The story compels us to introspect and mull over ways to tide over differences and adopt a humanist attitude towards the ‘other’.
Jagdish Batra, Professor & Former Head, English Language Centre, O.P. Jindal Global University, Sonipat, Haryana, India.
My paper takes up a story by the Booker -awardee novelist Jhumpa Lahiri in which the reader meets an individual marginalized on multiple counts: she is a woman, is old and a destitute and also belongs to a different geographical region even though linguistically there is not much of difference.
How does a community cocooned in an apartment block looks at her is the issue explored by the writer. There are all the differences except the one that is the human identity. The access to this destitute has several roadblocks based on stereotypical perception rather than any sound knowledge.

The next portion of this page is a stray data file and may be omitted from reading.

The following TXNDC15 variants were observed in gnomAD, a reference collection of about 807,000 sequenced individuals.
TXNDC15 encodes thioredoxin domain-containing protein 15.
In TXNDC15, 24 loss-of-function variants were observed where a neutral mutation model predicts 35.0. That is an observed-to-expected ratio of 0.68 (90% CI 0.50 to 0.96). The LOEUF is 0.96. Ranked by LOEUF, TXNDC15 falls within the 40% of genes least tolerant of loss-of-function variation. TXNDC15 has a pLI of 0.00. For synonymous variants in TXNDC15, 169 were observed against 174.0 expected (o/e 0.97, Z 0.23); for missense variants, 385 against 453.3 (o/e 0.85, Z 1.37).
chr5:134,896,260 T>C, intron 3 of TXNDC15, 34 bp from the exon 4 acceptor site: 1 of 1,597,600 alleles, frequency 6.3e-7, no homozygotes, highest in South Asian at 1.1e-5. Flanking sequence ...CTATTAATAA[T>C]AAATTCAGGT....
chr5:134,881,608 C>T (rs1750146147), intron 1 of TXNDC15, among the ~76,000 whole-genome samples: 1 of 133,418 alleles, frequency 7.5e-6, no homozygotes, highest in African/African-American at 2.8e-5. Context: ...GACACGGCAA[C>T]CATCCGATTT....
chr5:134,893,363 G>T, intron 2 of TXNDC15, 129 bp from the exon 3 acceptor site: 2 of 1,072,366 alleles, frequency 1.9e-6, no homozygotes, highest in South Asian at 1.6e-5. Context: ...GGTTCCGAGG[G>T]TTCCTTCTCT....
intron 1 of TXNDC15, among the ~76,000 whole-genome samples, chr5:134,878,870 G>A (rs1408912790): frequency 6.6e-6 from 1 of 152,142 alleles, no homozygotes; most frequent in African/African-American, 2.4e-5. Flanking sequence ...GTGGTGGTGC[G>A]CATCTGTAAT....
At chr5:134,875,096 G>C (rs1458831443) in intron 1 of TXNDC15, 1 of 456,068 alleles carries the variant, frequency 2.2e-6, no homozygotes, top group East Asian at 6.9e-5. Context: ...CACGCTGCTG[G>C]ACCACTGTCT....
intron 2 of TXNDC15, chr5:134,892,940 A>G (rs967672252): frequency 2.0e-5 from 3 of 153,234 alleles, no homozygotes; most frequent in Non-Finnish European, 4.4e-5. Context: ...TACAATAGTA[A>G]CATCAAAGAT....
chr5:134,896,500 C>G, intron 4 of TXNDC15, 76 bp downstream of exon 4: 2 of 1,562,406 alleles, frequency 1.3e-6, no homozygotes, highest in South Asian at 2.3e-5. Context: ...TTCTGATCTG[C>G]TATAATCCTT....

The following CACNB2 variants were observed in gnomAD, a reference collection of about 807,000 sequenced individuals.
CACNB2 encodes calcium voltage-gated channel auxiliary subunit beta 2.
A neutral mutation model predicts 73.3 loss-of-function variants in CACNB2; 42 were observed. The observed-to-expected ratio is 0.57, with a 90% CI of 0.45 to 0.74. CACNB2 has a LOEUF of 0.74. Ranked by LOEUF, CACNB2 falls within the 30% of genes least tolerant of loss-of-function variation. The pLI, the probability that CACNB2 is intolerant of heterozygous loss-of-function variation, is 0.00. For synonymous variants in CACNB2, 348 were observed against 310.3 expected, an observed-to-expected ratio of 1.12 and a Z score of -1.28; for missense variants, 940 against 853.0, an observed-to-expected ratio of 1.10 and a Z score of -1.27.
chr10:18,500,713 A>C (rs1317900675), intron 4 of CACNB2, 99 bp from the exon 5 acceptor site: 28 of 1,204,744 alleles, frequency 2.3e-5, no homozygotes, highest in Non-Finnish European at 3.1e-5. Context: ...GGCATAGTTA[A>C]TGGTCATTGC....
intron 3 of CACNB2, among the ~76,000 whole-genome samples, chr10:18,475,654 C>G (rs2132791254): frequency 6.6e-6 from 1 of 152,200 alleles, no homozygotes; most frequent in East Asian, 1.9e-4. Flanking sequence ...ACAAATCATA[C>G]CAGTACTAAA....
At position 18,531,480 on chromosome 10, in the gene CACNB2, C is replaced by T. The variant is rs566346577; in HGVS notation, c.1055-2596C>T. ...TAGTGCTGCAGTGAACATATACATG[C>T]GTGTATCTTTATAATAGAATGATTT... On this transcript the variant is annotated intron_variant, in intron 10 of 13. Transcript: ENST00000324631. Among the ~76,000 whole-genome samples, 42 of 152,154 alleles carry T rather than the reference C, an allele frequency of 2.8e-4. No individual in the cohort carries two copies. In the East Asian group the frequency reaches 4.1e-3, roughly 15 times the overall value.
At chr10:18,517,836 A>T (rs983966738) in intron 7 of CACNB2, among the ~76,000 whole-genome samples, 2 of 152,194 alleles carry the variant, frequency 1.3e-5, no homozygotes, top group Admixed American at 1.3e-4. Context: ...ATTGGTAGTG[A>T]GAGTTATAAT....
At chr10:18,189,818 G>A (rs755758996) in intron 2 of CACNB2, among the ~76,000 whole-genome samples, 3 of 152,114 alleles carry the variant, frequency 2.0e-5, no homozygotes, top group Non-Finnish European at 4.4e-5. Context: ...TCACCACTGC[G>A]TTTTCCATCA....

Besides, there is the self-interest that overrides moral and socio-cultural norms. The story compels us to introspect and mull over ways to tide over differences and adopt a humanist attitude towards the ‘other’.
Published in: Comparative Literature and Beyond. Prestige Books, International, New Delhi, pp. 153-160.
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